The Fed and the Crisis of Capitalism: There needs to he not another FDR New Deal, but another Teddy Roosevelt Square Deal.

AuthorConnolly, Bernard

The first-quarter U.S. productivity numbers make an intriguing contribution to assessing U.S. President Donald Trump's badgering of the U.S. Federal Reserve to reduce interest rates. And they potentially have very significant implications for the global debate on the crisis of capitalism.

The numbers appear to suggest that the rate of growth of productivity in the United States may, for a time, have picked up to around 1.5 percent, miserable by most post-war standards but better than the truly awful performance of the middle of the present decade. There is an important caveat: productivity numbers are notoriously unreliable and are subject to revision many years into the future. But if the apparent pickup is confirmed, the rate of growth of potential output in the United States could, taking account of population growth, have recently been around 2 percent a year.

But how does that matter for Trump's agenda and for the way the Fed might--or should--react? In answering that, it is vital to distinguish between one-off improvements in the level of potential output and ongoing improvements in the rate of growth of potential. There can be little doubt that the Trump effect has increased the level of potential output in the United States. It appears that part of that effect has been an expansion of the labor force, with a significant increase in the participation rate, perhaps through an improvement in the profitability for employers of paying the "reservation wage" (the wage needed to attract people into employment).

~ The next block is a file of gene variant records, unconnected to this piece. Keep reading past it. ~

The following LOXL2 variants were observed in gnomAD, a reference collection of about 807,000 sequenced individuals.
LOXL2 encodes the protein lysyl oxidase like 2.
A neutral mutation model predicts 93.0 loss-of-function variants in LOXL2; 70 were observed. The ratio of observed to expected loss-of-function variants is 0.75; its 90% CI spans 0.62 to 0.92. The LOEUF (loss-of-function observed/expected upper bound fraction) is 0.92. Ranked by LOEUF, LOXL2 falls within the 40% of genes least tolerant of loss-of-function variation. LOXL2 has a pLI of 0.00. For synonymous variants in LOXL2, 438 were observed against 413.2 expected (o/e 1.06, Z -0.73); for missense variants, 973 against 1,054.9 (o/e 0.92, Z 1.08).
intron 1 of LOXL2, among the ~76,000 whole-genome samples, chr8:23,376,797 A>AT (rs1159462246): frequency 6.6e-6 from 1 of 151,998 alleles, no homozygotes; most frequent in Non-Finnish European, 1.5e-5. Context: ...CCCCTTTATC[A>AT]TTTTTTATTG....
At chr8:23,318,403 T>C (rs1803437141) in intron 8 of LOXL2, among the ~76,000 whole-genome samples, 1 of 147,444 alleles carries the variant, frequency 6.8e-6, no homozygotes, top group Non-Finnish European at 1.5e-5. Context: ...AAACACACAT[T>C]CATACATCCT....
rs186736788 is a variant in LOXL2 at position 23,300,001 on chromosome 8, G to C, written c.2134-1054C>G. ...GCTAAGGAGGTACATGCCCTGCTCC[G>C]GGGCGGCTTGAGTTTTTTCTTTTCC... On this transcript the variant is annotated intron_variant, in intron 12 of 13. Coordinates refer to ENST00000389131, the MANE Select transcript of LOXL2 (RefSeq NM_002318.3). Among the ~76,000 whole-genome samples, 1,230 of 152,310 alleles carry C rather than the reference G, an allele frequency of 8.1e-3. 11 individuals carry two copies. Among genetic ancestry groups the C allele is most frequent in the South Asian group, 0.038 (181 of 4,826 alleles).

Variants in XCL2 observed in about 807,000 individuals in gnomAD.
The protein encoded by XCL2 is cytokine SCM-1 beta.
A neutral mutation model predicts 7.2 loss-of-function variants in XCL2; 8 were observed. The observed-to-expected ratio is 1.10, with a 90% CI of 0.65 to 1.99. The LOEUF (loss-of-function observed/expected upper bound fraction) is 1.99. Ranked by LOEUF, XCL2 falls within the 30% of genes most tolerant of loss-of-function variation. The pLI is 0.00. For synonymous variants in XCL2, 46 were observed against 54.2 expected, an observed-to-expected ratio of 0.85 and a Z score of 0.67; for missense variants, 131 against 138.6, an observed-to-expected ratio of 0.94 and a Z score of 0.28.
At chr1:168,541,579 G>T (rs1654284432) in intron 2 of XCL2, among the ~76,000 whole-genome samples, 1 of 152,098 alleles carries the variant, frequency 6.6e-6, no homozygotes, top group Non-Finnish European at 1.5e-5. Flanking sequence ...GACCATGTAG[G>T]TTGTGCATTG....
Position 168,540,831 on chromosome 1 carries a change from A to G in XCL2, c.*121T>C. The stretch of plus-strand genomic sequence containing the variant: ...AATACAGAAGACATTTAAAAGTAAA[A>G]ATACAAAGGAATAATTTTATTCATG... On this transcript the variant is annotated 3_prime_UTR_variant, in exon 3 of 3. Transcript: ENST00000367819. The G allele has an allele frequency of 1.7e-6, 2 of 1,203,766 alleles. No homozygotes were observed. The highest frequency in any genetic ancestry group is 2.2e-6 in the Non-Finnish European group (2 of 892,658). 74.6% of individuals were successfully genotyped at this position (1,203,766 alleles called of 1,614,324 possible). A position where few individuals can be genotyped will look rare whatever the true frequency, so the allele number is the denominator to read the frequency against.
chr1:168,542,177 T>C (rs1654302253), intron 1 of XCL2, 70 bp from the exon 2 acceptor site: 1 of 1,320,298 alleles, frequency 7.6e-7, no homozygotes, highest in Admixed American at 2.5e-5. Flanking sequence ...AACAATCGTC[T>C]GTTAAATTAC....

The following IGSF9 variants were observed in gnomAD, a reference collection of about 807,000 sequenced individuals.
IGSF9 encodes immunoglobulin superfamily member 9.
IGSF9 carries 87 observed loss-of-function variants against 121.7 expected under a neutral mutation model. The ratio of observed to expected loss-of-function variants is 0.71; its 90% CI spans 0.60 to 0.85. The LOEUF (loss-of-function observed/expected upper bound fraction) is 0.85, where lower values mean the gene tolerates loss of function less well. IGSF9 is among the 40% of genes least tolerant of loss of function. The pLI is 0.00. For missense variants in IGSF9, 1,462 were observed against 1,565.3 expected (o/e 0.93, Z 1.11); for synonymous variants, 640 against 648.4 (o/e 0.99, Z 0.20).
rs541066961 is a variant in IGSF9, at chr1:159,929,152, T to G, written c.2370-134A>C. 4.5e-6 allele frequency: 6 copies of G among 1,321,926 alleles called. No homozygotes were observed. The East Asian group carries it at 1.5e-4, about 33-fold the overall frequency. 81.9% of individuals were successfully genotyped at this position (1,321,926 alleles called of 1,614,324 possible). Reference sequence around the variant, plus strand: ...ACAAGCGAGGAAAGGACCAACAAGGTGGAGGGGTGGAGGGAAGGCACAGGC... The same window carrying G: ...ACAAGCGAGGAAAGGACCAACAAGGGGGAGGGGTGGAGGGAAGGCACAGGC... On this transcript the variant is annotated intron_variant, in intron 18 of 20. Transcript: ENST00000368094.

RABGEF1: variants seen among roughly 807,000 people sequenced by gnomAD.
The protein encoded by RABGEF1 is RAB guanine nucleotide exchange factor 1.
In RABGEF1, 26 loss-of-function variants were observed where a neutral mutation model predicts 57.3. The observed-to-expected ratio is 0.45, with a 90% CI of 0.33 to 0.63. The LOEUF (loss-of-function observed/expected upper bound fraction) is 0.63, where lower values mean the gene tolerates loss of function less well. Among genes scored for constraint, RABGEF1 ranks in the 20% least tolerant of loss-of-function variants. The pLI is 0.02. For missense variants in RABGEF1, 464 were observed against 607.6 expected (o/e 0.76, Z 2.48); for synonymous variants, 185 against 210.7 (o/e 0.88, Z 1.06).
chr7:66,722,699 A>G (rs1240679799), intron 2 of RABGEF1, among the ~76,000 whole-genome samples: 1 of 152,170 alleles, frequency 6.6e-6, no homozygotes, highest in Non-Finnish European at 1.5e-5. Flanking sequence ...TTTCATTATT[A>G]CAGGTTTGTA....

The result has been that the economy, even beginning from what seemed in 2017 to be full employment, has been able to grow, over the past couple of years or so, substantially faster than its trend rate of growth. The quiescence of inflation in the face of very low levels of unemployment and above-trend rates of growth may appear to be testimony to such effects.

Suppose that was all that had happened. A period of two or three years in which firms, on the basis of Trump's tax and deregulatory plans and a general shift in the psycho-political climate as it affects business, seemingly expected--rightly, as it turned out--more output with an increased labor force and little effect on wages that will have increased the anticipated rate of return over that period. Such a state of affairs would typically trigger what I have long called a "super-Say's Law" effect, in which the prospect of future supply calls forth more than its own current...

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